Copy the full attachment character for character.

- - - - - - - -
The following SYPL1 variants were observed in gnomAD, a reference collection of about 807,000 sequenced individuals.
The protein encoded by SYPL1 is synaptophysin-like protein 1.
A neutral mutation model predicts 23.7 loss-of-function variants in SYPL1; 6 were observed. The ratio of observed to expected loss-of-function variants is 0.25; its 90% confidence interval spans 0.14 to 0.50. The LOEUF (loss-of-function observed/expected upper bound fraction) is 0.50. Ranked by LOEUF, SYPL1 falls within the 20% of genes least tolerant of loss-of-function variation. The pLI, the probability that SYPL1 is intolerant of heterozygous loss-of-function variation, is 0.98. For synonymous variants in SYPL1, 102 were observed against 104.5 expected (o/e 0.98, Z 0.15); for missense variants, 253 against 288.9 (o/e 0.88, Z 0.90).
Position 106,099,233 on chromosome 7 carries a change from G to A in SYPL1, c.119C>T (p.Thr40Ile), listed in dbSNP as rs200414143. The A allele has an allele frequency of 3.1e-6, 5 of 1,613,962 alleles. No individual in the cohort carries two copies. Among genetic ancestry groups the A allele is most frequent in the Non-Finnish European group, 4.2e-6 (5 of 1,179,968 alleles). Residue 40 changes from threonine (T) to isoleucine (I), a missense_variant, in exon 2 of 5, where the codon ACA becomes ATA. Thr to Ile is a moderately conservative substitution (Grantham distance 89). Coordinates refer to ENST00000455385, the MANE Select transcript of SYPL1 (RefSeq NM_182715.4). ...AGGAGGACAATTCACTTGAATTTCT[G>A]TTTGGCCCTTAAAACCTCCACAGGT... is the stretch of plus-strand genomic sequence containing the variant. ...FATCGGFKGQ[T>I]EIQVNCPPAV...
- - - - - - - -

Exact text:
The following SYPL1 variants were observed in gnomAD, a reference collection of about 807,000 sequenced individuals.
The protein encoded by SYPL1 is synaptophysin-like protein 1.
A neutral mutation model predicts 23.7 loss-of-function variants in SYPL1; 6 were observed. The ratio of observed to expected loss-of-function variants is 0.25; its 90% confidence interval spans 0.14 to 0.50. The LOEUF (loss-of-function observed/expected upper bound fraction) is 0.50. Ranked by LOEUF, SYPL1 falls within the 20% of genes least tolerant of loss-of-function variation. The pLI, the probability that SYPL1 is intolerant of heterozygous loss-of-function variation, is 0.98. For synonymous variants in SYPL1, 102 were observed against 104.5 expected (o/e 0.98, Z 0.15); for missense variants, 253 against 288.9 (o/e 0.88, Z 0.90).
Position 106,099,233 on chromosome 7 carries a change from G to A in SYPL1, c.119C>T (p.Thr40Ile), listed in dbSNP as rs200414143. The A allele has an allele frequency of 3.1e-6, 5 of 1,613,962 alleles. No individual in the cohort carries two copies. Among genetic ancestry groups the A allele is most frequent in the Non-Finnish European group, 4.2e-6 (5 of 1,179,968 alleles). Residue 40 changes from threonine (T) to isoleucine (I), a missense_variant, in exon 2 of 5, where the codon ACA becomes ATA. Thr to Ile is a moderately conservative substitution (Grantham distance 89). Coordinates refer to ENST00000455385, the MANE Select transcript of SYPL1 (RefSeq NM_182715.4). ...AGGAGGACAATTCACTTGAATTTCT[G>A]TTTGGCCCTTAAAACCTCCACAGGT... is the stretch of plus-strand genomic sequence containing the variant. ...FATCGGFKGQ[T>I]EIQVNCPPAV...